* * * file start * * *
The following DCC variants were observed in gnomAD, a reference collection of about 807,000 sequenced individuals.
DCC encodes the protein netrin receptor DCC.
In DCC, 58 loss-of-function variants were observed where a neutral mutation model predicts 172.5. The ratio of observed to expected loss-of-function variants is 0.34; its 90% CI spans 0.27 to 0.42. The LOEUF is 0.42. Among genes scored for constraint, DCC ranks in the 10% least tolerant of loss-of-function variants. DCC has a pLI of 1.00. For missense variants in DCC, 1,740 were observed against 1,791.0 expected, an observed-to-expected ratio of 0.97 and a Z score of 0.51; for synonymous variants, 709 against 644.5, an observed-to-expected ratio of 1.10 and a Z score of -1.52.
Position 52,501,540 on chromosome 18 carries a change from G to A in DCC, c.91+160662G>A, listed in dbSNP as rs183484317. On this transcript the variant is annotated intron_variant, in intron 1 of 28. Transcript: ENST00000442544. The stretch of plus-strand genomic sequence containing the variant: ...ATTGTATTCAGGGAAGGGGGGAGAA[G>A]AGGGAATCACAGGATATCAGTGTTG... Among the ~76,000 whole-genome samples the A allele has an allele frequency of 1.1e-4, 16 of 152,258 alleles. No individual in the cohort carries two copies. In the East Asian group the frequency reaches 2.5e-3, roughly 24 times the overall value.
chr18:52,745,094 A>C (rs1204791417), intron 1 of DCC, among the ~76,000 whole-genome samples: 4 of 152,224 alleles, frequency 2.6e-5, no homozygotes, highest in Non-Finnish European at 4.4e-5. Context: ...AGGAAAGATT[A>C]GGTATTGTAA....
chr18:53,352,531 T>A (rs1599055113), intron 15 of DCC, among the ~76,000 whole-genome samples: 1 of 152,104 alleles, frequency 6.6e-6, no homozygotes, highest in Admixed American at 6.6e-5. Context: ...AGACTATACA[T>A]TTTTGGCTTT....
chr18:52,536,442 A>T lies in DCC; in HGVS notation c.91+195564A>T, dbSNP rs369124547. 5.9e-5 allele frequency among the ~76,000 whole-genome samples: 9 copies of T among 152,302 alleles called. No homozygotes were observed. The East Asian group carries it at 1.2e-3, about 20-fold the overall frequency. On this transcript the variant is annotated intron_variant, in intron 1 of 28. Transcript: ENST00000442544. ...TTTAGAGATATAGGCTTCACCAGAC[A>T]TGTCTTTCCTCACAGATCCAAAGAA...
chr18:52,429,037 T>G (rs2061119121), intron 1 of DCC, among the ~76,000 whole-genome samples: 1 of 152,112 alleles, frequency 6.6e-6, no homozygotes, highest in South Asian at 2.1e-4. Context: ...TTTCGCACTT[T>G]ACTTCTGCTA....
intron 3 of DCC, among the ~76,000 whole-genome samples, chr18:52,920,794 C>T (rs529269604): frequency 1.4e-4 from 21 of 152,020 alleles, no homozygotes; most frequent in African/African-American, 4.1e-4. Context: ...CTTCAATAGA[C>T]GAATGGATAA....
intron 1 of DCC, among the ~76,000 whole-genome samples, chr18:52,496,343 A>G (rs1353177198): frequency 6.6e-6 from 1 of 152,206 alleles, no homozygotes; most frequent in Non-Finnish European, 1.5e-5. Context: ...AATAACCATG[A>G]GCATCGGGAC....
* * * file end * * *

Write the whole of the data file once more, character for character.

The following DCC variants were observed in gnomAD, a reference collection of about 807,000 sequenced individuals.
DCC encodes the protein netrin receptor DCC.
In DCC, 58 loss-of-function variants were observed where a neutral mutation model predicts 172.5. The ratio of observed to expected loss-of-function variants is 0.34; its 90% CI spans 0.27 to 0.42. The LOEUF is 0.42. Among genes scored for constraint, DCC ranks in the 10% least tolerant of loss-of-function variants. DCC has a pLI of 1.00. For missense variants in DCC, 1,740 were observed against 1,791.0 expected, an observed-to-expected ratio of 0.97 and a Z score of 0.51; for synonymous variants, 709 against 644.5, an observed-to-expected ratio of 1.10 and a Z score of -1.52.
Position 52,501,540 on chromosome 18 carries a change from G to A in DCC, c.91+160662G>A, listed in dbSNP as rs183484317. On this transcript the variant is annotated intron_variant, in intron 1 of 28. Transcript: ENST00000442544. The stretch of plus-strand genomic sequence containing the variant: ...ATTGTATTCAGGGAAGGGGGGAGAA[G>A]AGGGAATCACAGGATATCAGTGTTG... Among the ~76,000 whole-genome samples the A allele has an allele frequency of 1.1e-4, 16 of 152,258 alleles. No individual in the cohort carries two copies. In the East Asian group the frequency reaches 2.5e-3, roughly 24 times the overall value.
chr18:52,745,094 A>C (rs1204791417), intron 1 of DCC, among the ~76,000 whole-genome samples: 4 of 152,224 alleles, frequency 2.6e-5, no homozygotes, highest in Non-Finnish European at 4.4e-5. Context: ...AGGAAAGATT[A>C]GGTATTGTAA....
chr18:53,352,531 T>A (rs1599055113), intron 15 of DCC, among the ~76,000 whole-genome samples: 1 of 152,104 alleles, frequency 6.6e-6, no homozygotes, highest in Admixed American at 6.6e-5. Context: ...AGACTATACA[T>A]TTTTGGCTTT....
chr18:52,536,442 A>T lies in DCC; in HGVS notation c.91+195564A>T, dbSNP rs369124547. 5.9e-5 allele frequency among the ~76,000 whole-genome samples: 9 copies of T among 152,302 alleles called. No homozygotes were observed. The East Asian group carries it at 1.2e-3, about 20-fold the overall frequency. On this transcript the variant is annotated intron_variant, in intron 1 of 28. Transcript: ENST00000442544. ...TTTAGAGATATAGGCTTCACCAGAC[A>T]TGTCTTTCCTCACAGATCCAAAGAA...
chr18:52,429,037 T>G (rs2061119121), intron 1 of DCC, among the ~76,000 whole-genome samples: 1 of 152,112 alleles, frequency 6.6e-6, no homozygotes, highest in South Asian at 2.1e-4. Context: ...TTTCGCACTT[T>G]ACTTCTGCTA....
intron 3 of DCC, among the ~76,000 whole-genome samples, chr18:52,920,794 C>T (rs529269604): frequency 1.4e-4 from 21 of 152,020 alleles, no homozygotes; most frequent in African/African-American, 4.1e-4. Context: ...CTTCAATAGA[C>T]GAATGGATAA....
intron 1 of DCC, among the ~76,000 whole-genome samples, chr18:52,496,343 A>G (rs1353177198): frequency 6.6e-6 from 1 of 152,206 alleles, no homozygotes; most frequent in Non-Finnish European, 1.5e-5. Context: ...AATAACCATG[A>G]GCATCGGGAC....